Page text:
The Army needs officers with experience working in foreign countries where the situation is complex and ambiguous
Training foreign armies to do the work we would otherwise have to do ourselves seems like a great idea. Known in the U.S. Army as security force assistance (SFA), it is less politically and financially costly than using American troops. The theory of SFA is that the United States can create a friendly Army to help pursue mutual security goals with a small number of advisors and enough aid. In practice, the U.S. military has failed to realize the promise of SFA in Iraq and Afghanistan, and many wonder whether SFA works. From personal experience, which includes training Iraqi soldiers, I have encountered deep skepticism amongst Army officers as to whether we can get foreign partners to do the job well. The prevailing attitude seems to be some version of, “If you want something done right, do it yourself.” Yet before the U.S. military writes off SFA, we should ask ourselves whether perhaps we are part of the problem. Anyone with even a cursory knowledge of military history knows that many militaries, including America’s, have effectively trained and led foreign forces. One of the sources of past successes was the leadership of officers with the right skills and experience.
The United States has used SFA extensively since World War II. General James Van Fleet (U.S. Army, 1915-1953) supervised two enormously successful security force assistance efforts, first in Greece, where he led the fight to defeat communist insurgents, and later during the Korean War, where he instituted a program to train the South Korean Army. In a 1954 article for Reader’s Digest called “25 Divisions for the Cost of One,” Van Fleet argued that the value of supporting allied forces was rooted in their relative cheapness:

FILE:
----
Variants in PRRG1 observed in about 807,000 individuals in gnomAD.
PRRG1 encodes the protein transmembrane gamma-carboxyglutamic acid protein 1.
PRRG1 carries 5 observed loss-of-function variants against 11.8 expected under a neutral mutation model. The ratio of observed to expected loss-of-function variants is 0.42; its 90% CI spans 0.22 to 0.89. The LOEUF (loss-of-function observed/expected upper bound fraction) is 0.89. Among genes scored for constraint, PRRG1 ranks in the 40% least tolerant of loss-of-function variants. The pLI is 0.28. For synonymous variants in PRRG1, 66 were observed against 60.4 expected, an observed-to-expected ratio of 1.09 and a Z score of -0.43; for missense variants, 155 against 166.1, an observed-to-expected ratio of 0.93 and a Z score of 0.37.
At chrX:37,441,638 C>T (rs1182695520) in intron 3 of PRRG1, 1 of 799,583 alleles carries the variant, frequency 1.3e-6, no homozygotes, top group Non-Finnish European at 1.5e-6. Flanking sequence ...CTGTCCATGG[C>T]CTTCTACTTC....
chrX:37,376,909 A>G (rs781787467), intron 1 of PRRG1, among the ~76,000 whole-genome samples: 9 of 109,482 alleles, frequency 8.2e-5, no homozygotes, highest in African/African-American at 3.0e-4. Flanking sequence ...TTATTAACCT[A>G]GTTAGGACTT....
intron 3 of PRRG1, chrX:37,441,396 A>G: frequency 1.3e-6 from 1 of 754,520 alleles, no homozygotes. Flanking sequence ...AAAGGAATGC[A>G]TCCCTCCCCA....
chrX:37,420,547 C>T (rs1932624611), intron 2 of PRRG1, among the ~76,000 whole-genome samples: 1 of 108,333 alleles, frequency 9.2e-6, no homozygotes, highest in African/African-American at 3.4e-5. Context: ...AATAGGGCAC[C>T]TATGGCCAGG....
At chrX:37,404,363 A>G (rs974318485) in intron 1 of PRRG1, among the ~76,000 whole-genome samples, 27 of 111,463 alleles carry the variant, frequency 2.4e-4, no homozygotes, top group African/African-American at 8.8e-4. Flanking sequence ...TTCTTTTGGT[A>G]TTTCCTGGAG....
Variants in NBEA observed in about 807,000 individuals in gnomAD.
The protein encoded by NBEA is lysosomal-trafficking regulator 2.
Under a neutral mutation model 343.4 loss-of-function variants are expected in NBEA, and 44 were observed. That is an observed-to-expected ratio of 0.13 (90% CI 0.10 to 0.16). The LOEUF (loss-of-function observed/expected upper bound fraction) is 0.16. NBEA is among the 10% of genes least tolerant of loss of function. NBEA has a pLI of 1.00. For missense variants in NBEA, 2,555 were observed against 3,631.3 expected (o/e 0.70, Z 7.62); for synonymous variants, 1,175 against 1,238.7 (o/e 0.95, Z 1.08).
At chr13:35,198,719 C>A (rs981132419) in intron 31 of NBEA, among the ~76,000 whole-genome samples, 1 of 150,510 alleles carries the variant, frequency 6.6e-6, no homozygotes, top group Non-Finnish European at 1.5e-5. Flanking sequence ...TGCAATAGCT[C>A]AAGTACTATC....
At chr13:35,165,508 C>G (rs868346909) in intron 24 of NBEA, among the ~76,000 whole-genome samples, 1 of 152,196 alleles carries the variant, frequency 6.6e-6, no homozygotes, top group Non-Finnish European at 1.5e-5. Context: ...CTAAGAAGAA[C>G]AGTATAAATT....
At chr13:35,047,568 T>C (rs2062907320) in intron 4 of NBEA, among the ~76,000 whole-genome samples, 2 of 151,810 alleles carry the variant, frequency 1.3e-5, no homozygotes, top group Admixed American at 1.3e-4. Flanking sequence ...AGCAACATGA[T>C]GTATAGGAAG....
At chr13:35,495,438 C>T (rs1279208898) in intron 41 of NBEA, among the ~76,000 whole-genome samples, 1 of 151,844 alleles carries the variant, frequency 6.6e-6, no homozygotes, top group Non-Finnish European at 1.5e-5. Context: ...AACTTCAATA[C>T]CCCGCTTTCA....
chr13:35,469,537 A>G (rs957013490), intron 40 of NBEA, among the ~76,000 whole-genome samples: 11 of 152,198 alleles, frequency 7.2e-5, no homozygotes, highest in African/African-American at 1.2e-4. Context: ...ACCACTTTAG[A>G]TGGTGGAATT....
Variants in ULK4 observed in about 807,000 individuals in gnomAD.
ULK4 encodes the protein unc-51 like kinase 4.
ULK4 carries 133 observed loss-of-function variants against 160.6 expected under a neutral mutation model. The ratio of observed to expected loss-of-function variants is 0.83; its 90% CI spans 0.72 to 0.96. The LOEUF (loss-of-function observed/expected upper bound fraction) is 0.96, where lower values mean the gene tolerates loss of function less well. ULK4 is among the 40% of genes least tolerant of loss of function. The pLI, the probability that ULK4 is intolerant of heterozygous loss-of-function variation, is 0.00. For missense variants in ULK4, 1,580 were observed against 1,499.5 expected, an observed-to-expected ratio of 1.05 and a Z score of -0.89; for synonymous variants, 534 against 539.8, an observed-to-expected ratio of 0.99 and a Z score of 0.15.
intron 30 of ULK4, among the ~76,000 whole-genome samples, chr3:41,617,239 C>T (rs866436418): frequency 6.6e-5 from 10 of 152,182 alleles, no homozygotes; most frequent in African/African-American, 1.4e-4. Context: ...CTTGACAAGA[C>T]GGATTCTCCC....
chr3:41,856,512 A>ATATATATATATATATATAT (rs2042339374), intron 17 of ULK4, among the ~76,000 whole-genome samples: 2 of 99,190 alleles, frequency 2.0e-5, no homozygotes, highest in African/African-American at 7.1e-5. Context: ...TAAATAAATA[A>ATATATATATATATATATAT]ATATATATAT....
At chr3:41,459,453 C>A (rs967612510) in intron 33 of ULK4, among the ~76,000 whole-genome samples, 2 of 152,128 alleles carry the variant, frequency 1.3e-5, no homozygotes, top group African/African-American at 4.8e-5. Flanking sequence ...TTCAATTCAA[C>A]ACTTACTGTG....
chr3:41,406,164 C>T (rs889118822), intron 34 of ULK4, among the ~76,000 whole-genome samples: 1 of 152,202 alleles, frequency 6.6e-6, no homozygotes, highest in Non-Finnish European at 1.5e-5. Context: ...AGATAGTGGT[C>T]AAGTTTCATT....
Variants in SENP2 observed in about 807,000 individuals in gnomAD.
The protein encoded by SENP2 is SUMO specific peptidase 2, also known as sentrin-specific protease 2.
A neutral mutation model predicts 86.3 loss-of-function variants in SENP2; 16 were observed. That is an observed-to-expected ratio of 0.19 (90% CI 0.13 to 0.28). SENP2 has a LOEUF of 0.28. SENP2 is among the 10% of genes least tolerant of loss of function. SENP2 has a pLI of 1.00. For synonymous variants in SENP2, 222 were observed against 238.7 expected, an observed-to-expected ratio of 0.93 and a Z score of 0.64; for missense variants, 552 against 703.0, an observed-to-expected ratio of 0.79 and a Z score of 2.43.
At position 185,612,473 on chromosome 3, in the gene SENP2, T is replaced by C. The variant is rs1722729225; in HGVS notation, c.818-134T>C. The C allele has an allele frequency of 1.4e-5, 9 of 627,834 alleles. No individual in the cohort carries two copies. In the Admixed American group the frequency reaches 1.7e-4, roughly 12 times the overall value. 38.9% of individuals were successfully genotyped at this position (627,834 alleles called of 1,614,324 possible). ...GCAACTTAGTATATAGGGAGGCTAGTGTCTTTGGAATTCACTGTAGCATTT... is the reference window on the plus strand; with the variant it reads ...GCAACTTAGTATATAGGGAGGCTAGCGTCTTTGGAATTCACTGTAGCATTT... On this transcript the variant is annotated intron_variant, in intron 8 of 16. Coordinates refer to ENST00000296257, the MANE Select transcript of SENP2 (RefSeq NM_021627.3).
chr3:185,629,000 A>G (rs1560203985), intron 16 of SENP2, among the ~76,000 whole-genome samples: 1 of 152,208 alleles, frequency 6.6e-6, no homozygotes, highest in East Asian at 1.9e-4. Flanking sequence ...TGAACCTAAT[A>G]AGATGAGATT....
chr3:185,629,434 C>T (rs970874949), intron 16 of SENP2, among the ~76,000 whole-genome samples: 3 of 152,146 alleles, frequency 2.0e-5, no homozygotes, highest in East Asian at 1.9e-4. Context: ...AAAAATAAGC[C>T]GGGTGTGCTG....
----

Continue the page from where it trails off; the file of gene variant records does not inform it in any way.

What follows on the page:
We drag along his home-town drugstore, with its candy bars, cigarettes, toilet articles. Every division must have its ice-cream plant. It is lavishly supplied… The South Korean ration costs only 40 cents a day because it is mostly rice, with local vegetables for vitamins, and meat hardly twice a week. In clothing, a Korean soldier considers himself lucky to get two cheap, homemade uniforms a year while we often allow the GI a new outfit (far more expensive) every 90 days. In pay, the lowliest combat GI gets $136.20 a month, while the Korean considers himself fortunate to get 15 cents. When his outfit is on the move, the GI expects to be hauled in a truck, while a Korean assumes he will walk as he has done all his life.
The situation remains fundamentally the same today. American soldiers are awfully expensive compared to nearly all foreign security forces. With the right approach to investment, we can still create 25 foreign divisions for the price of one American division.
However, security force assistance is not easy. Simply sending money and advisors to a country does not guarantee a well-trained, loyal foreign military, as our painful experiences in Afghanistan and Iraq make clear – this, despite enormous investment. Indeed, recent U.S. SFA efforts have been unsuccessful.
One problem has been the Army’s failure to develop the right type of officer to manage SFA. Always unique and complex, situations where American advisors train and assist foreign security forces (FSFs) require broadened officers who are innovative, politically savvy, and, most importantly, experts in tactical operations. The U.S. Army does not typically produce such well-rounded individuals. There are plenty of brilliant officers, but not many with this mix of attributes.